UPDATE 1: 17 July: Additional information on the shutdown sequence from the AEC
Typhoon Soulik has left Taipower's Chinshan 2 offline and in need of repair as the utility works to restore power to all parts of Taiwan, most of which suffered blackouts during the storm.
Reaching land on late on 13 July, the tropical storm caused widespread damage to the power grid, resulting in over one million homes being affected by blackouts. In accordance with regulation, Taipower reduced the output of its six nuclear power reactors to 30% and began load-shedding as winds above 117 kilometres per hour threatened transmission systems.
|Chinshan 1 and 2
On the northern tip of the island, the height of the storm saw damage in Chinshan 2's switchyard. The Atomic Energy Council (AEC) told World Nuclear News that one suspension ground line failed and hit transmission lines, triggering automatic trips of the generator and turbines although the reactor continued operating. Later a large amount of debris washed into the seawater intake, clogging it, damaging three debris screens and prompting operators to shut the unit down completely. An additional complication came during the power-down process, the AEC told WNN, as operators failed to control feedwater properly and the reactor shut itself down automatically on a high neutron detection.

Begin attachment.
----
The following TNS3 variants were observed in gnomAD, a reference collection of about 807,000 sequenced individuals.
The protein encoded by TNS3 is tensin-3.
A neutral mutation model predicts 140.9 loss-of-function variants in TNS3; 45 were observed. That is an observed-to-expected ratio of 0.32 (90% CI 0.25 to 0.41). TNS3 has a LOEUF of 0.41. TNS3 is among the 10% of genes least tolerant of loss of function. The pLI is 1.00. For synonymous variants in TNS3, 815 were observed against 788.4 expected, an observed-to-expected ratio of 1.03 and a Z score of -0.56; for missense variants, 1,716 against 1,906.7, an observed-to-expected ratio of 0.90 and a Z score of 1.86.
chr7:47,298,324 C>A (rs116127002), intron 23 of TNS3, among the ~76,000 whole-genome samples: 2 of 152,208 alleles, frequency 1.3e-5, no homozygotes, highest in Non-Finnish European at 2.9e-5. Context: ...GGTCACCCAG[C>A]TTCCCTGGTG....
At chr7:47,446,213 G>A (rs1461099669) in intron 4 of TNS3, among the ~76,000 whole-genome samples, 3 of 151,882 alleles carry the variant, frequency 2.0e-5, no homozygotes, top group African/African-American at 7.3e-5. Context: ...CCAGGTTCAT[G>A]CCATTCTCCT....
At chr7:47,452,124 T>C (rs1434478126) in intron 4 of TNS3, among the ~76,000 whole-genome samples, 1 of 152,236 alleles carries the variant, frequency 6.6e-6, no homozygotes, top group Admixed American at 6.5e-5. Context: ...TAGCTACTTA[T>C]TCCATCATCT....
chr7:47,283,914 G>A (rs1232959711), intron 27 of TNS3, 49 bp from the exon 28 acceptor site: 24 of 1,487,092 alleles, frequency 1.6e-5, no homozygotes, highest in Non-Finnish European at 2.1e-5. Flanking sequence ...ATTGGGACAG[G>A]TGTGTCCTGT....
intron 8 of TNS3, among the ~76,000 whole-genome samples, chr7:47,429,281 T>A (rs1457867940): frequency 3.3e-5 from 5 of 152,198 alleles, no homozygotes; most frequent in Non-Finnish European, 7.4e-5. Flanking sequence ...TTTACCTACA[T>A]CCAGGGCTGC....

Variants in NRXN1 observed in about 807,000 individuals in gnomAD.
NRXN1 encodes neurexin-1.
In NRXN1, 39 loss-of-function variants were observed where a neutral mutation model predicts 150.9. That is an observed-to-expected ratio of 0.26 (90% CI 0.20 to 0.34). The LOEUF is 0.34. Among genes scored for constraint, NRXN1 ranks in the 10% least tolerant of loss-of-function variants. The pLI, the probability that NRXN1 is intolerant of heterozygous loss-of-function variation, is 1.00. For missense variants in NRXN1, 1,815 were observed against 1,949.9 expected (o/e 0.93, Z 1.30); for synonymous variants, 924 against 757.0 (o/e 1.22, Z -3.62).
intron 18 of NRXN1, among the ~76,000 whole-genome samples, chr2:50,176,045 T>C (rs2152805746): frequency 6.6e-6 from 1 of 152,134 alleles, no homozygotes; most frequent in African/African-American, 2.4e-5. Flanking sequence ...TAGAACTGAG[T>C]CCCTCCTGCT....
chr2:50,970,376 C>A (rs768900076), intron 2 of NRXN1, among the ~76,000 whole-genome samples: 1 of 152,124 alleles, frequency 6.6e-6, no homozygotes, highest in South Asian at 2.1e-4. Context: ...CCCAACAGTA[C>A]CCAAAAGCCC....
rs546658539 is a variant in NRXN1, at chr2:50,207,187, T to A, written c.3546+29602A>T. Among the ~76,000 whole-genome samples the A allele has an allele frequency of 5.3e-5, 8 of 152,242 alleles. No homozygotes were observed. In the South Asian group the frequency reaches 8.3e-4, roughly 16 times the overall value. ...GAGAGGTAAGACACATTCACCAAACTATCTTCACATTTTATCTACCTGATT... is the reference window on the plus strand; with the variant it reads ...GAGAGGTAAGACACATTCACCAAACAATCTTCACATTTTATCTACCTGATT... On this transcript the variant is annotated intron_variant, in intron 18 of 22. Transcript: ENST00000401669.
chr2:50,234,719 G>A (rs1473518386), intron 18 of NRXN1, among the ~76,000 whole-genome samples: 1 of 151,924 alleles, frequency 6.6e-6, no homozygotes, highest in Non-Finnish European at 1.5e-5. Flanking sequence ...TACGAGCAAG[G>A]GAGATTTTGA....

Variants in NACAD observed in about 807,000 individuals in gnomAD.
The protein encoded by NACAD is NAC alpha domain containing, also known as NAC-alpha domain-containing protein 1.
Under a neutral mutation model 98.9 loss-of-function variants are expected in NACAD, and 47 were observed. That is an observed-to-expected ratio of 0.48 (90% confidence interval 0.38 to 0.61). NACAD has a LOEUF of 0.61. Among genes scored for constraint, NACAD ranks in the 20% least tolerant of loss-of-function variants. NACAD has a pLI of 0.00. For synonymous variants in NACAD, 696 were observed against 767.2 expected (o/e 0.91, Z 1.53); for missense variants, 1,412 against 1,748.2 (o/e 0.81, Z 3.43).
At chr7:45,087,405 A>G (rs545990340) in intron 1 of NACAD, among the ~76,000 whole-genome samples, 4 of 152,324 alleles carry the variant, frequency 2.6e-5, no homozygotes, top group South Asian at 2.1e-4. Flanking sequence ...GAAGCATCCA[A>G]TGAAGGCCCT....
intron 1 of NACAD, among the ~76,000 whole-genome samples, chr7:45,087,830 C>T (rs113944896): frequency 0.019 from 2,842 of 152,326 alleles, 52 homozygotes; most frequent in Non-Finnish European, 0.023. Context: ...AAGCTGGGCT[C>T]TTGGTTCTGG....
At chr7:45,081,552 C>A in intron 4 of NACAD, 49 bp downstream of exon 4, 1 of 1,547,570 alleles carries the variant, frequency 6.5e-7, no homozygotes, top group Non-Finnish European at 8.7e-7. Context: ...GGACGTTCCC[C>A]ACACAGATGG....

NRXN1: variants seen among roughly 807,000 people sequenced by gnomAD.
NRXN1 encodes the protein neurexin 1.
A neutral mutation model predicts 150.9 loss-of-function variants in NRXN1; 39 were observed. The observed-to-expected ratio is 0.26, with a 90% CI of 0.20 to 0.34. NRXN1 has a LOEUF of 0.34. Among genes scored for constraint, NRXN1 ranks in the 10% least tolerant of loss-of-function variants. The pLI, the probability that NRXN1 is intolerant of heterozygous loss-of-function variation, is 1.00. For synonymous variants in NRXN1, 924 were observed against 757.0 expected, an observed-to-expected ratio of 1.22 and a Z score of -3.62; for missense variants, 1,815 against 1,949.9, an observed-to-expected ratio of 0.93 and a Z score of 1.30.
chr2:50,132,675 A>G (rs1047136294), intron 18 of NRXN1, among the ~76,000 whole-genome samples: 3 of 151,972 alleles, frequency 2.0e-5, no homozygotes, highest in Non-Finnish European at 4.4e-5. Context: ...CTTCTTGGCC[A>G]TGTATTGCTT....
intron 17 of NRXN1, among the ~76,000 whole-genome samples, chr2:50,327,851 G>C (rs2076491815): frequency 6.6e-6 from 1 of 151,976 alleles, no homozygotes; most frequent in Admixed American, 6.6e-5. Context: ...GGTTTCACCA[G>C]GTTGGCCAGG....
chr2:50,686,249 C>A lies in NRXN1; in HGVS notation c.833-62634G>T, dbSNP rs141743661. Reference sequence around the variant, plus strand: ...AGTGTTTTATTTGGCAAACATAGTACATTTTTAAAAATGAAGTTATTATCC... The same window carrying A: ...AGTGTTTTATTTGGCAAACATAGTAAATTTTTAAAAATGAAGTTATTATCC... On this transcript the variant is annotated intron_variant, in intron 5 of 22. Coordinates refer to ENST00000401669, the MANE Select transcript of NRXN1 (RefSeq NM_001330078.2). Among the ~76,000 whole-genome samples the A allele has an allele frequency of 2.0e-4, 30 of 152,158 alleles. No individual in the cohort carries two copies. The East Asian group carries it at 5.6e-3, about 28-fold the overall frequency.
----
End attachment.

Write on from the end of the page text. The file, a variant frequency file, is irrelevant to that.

There was no damage to equipment within the buildings containing the reactor system or turbine generator set. Taipower must however repair the storm damage to the satisfaction of the Atomic Energy Council before being given permission to restart. This is expected on 17 July.
The storm had no adverse effects on Chinshan 1 or on Taiwan's four other nuclear reactors at Kuosheng and Maanshan. Live generation data from Taipower's website confirmed these are all in normal operation today.
Falling trees took down hundreds of power lines, and in the afternoon of 14 July Taipower counted some 1.1 million homes affected by blackouts. A force of 2000 engineers was fielded to make repairs and yesterday Taipower said the electrical system was 99.7% restored, although 3800 homes are still without power.
Researched and written
by World Nuclear News